Making A Way In A Wasteland

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When you think about a wasteland, you probably don't think technology. More likely, you think of a vast, barren openness that has been destroyed by storms or fire or even war. If you do happen to conjure up an image of a technology wasteland, it would be more like a vast dumping ground of devices that seem go out of date almost daily.

But there is another meaning for wasteland… a land that is uncultivated. And that is the kind of wasteland I see when I look across the vast openness of education technology. There are so many technological devices available to "do" school these days that the land is overgrown for sure. Unfortunately it often falls upon teachers, especially in a Bring Your Own Device (BYOD) environment, to cultivate that wasteland and find the best tool, or tools, for themselves and their students. Personally, I think that's the wrong approach.

Fort Worth Academy is in its 7th year of a standardized 1:1 program...and by standardized I mean the school mandates what device the student will have for use in the classroom and provides it for them. We took this approach for a variety of reasons...one primary reason was to ensure that the teachers knew what the students had and what they could expect them to accomplish. I think that was a reasonable approach seven years ago...honestly, it was pretty much the only approach since laptops were still a bit pricey for the families to have one or more to send to school with their students…and, believe it or not, it was pre-iPad also and even the iPhone was only about a month old when we launched.

But what about today?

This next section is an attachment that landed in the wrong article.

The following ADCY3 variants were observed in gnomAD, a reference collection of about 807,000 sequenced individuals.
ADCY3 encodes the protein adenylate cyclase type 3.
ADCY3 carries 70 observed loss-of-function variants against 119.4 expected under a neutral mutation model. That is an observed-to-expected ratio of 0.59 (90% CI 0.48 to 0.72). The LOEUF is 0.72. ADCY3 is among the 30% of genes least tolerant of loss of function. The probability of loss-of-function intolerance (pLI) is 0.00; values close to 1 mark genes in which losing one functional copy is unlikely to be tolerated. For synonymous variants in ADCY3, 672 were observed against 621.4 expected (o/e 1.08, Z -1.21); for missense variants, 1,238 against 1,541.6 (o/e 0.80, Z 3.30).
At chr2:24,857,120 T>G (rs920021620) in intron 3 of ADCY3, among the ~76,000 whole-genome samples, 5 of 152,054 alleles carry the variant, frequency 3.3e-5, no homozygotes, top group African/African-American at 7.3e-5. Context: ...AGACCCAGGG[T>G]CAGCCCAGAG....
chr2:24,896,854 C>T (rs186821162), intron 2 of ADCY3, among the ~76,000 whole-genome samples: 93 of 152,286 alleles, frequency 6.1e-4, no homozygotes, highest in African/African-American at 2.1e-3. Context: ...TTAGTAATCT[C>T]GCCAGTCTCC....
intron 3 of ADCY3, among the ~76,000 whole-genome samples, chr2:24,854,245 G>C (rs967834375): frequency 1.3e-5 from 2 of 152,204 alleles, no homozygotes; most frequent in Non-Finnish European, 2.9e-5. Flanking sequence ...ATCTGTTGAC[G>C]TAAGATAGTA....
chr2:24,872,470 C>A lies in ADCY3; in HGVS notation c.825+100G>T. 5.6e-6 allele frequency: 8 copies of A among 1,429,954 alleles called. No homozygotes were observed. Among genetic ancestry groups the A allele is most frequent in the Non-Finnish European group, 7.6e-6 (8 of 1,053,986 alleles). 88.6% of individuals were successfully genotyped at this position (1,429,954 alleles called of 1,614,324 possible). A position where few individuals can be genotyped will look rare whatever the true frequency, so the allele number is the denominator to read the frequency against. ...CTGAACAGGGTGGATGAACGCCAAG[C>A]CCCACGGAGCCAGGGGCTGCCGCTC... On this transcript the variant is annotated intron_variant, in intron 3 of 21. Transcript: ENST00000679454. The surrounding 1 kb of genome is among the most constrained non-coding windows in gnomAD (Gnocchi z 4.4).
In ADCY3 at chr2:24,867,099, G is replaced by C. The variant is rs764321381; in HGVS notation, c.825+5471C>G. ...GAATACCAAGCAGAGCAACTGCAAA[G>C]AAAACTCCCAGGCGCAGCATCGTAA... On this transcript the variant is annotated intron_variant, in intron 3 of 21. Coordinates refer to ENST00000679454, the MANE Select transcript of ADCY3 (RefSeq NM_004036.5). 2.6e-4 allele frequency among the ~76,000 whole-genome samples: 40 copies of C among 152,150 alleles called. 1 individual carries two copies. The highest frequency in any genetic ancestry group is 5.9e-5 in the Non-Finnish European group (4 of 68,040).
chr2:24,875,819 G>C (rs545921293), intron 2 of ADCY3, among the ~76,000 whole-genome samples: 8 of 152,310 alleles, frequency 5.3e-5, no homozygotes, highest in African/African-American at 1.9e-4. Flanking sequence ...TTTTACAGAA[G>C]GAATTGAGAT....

A staggering number of mobile devices have been introduced since 2007. Does a BYOD vs. Standardized program make more sense today? If your classroom still functions within a traditional 50 to 55 minute schedule, I don’t believe BYOD is the best approach, especially in a middle school environment. Even with only a few different devices, much of your class time could be consumed helping students simply access your teaching resources. Additionally, with the variety of options for doing homework and submitting it in a format you can deal with electronically, little time maybe left for actual content learning.

So do we ignore all the devices students possess today? I don’t think so. I propose a hybrid approach; provide the students with a base-line device that accomplishes what is needed and if students want to supplement with any of the other devices they have available, we let them. Also, we should support them from a network perspective as well. After all, I walk into the school every day with no less than three devices in my possession…and I use them all in various capacities to get my job done. Why should our students be treated any differently?

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